January 7, 2019 weblog
You may enjoy a personal data control opportunity if Project Bali blooms
Winter souls among the world's computer users have regrets, with I-give-up resignation over the lack of ownership of one's personal data. Now news of a Microsoft project is raising interest and doing the rounds of tech-watching sites for its attempt to address the situation, well, in its own manner.
There are few details about the project, but the very idea of addressing data collection sparks talk and even hope.
Microsoft Research is testing Project Bali, which seeks to hand a kind of control of online data over to (gasp) users. Their idea looks at providing the user with a personal data bank.
What does "bank?" mean in this context? It means data collected about you. Martin Brinkmann, founder of Ghacks, said, "All data that belongs to a user should belong to that user according to the Project Bali description."
Well, Michael Kan in PCMag had this to say: "Not everyone may like the idea of Microsoft or another third party mining your personal information. But living in ignorance about your digital footprint isn't a great solution either."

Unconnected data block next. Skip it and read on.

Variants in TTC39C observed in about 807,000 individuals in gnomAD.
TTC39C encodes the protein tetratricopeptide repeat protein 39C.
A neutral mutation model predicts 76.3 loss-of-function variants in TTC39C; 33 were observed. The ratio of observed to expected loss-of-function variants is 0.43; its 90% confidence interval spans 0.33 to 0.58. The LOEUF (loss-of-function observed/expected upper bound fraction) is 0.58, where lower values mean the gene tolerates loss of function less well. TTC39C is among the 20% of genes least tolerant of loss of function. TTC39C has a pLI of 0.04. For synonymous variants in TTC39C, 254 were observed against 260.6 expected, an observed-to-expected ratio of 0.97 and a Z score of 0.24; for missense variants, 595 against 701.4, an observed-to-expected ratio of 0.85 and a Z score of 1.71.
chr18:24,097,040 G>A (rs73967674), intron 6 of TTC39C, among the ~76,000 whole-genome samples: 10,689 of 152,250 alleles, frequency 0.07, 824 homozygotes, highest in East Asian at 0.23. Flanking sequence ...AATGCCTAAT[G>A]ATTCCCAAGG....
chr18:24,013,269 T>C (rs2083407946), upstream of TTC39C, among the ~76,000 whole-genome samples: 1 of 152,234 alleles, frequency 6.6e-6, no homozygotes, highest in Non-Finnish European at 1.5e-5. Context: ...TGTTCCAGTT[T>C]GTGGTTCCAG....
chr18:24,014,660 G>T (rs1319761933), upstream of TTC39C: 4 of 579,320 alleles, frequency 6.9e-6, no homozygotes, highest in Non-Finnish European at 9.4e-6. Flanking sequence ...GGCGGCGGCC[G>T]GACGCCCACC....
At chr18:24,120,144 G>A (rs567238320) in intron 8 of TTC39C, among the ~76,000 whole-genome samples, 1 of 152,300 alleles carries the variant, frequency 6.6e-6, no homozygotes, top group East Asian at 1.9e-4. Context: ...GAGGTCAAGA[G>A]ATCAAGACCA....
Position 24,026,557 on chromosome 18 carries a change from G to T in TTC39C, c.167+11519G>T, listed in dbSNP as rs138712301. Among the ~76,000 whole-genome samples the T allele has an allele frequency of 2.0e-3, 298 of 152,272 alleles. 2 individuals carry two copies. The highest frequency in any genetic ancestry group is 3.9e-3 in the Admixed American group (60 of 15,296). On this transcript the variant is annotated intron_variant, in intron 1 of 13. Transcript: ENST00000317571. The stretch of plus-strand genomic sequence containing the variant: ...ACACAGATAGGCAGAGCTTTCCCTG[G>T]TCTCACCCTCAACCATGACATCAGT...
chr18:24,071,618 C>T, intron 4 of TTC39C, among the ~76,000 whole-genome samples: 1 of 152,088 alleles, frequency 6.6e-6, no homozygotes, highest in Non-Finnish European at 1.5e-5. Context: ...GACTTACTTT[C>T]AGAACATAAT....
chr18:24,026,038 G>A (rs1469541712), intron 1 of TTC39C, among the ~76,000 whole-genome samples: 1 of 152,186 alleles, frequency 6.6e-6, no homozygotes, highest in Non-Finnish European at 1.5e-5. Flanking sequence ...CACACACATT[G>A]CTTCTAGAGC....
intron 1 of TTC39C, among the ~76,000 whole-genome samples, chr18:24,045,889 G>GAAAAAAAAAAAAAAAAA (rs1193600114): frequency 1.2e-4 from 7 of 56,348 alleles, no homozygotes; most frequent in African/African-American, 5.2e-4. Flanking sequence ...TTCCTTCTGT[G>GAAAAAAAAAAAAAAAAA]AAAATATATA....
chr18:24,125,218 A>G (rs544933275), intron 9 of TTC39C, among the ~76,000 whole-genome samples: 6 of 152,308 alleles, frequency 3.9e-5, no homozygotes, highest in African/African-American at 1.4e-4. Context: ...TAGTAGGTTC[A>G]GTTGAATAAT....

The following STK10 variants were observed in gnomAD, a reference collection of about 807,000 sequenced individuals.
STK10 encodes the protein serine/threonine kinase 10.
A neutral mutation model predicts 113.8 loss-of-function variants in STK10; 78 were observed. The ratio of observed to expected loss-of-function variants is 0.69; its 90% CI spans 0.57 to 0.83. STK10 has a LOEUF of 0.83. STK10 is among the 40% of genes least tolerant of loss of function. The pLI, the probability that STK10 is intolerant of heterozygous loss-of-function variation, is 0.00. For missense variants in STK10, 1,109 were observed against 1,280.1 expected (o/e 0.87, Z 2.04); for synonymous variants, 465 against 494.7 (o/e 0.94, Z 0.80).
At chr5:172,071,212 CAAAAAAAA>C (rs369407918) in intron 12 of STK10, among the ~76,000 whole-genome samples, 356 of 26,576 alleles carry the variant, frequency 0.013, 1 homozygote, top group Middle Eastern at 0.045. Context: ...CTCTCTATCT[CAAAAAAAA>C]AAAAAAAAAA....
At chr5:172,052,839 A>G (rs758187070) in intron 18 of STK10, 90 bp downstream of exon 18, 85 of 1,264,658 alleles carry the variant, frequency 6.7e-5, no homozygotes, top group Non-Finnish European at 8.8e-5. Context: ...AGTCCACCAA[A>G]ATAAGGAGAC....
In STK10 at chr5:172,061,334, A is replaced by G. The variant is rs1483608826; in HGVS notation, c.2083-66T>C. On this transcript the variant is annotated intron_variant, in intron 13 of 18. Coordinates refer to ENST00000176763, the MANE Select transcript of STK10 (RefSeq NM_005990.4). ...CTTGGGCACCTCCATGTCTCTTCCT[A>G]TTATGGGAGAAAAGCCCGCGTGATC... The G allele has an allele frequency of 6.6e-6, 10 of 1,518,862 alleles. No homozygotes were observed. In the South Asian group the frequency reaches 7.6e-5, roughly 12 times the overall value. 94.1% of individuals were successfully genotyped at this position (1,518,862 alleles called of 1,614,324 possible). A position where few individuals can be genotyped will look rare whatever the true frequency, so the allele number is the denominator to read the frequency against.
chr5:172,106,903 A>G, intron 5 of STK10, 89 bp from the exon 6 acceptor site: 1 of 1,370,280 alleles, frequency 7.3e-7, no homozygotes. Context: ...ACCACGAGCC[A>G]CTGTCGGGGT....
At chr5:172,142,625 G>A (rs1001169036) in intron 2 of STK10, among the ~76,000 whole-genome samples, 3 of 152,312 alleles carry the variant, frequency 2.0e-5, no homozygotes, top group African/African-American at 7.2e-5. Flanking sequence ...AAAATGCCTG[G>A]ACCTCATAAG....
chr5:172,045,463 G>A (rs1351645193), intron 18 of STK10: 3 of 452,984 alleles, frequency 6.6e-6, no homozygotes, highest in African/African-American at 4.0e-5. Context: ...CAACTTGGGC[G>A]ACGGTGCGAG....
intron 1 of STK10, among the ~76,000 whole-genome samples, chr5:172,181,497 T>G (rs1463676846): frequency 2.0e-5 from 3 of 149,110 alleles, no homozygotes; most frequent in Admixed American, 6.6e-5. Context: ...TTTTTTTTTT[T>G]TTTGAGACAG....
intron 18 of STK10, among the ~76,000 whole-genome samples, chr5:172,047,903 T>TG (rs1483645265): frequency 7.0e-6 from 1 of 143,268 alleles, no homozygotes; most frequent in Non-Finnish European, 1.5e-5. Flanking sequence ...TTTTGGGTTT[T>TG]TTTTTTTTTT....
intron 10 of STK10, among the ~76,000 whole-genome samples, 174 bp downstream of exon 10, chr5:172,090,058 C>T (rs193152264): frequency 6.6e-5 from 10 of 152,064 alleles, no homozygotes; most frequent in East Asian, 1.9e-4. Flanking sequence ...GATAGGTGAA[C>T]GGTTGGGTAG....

Trying to make sense of this project, you might have the idea that it is to make your access to a vast amount of data far easier, under the project codename of Bali.
Kan offered some history behind the project, footprints Microsoft left some year back where its scientists discussed digital privacy. Kan said, "Often times, people have no idea what data websites and businesses have on them, nor do they have a convenient way to find out, the authors wrote at the time."
Any concept touching upon user power to control personal data has resonance in the aftermath of past headlines regarding user data. One can express satisfaction that Microsoft scientists are spending time on this, but toasting Microsoft may be premature.
BetaNews described a privacy focused tool as "a new control panel which could enable users to manage the data the company collects about them." Mark Wycislik-Wilson said "It promises to not only give users the option of managing and controlling the data collected about them, but also—intriguingly—the ability to monetize it."